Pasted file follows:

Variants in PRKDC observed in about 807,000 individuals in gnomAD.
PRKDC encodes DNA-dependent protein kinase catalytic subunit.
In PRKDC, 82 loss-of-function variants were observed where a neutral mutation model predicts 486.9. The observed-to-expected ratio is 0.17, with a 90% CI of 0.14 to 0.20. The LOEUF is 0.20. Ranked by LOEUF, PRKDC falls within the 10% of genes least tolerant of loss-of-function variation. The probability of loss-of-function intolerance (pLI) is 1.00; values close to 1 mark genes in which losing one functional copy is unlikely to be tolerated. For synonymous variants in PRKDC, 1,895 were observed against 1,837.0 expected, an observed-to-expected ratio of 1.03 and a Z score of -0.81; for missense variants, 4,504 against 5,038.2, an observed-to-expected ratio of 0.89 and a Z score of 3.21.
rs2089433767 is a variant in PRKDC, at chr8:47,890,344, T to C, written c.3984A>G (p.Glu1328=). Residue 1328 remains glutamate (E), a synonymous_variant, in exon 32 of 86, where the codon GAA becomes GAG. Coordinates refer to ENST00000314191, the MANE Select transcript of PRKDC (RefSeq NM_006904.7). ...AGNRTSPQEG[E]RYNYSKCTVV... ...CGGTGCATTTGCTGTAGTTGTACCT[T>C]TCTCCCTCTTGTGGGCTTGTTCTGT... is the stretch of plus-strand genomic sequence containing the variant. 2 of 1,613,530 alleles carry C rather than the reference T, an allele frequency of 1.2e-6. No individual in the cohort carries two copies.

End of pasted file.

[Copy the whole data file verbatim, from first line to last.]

Variants in PRKDC observed in about 807,000 individuals in gnomAD.
PRKDC encodes DNA-dependent protein kinase catalytic subunit.
In PRKDC, 82 loss-of-function variants were observed where a neutral mutation model predicts 486.9. The observed-to-expected ratio is 0.17, with a 90% CI of 0.14 to 0.20. The LOEUF is 0.20. Ranked by LOEUF, PRKDC falls within the 10% of genes least tolerant of loss-of-function variation. The probability of loss-of-function intolerance (pLI) is 1.00; values close to 1 mark genes in which losing one functional copy is unlikely to be tolerated. For synonymous variants in PRKDC, 1,895 were observed against 1,837.0 expected, an observed-to-expected ratio of 1.03 and a Z score of -0.81; for missense variants, 4,504 against 5,038.2, an observed-to-expected ratio of 0.89 and a Z score of 3.21.
rs2089433767 is a variant in PRKDC, at chr8:47,890,344, T to C, written c.3984A>G (p.Glu1328=). Residue 1328 remains glutamate (E), a synonymous_variant, in exon 32 of 86, where the codon GAA becomes GAG. Coordinates refer to ENST00000314191, the MANE Select transcript of PRKDC (RefSeq NM_006904.7). ...AGNRTSPQEG[E]RYNYSKCTVV... ...CGGTGCATTTGCTGTAGTTGTACCT[T>C]TCTCCCTCTTGTGGGCTTGTTCTGT... is the stretch of plus-strand genomic sequence containing the variant. 2 of 1,613,530 alleles carry C rather than the reference T, an allele frequency of 1.2e-6. No individual in the cohort carries two copies.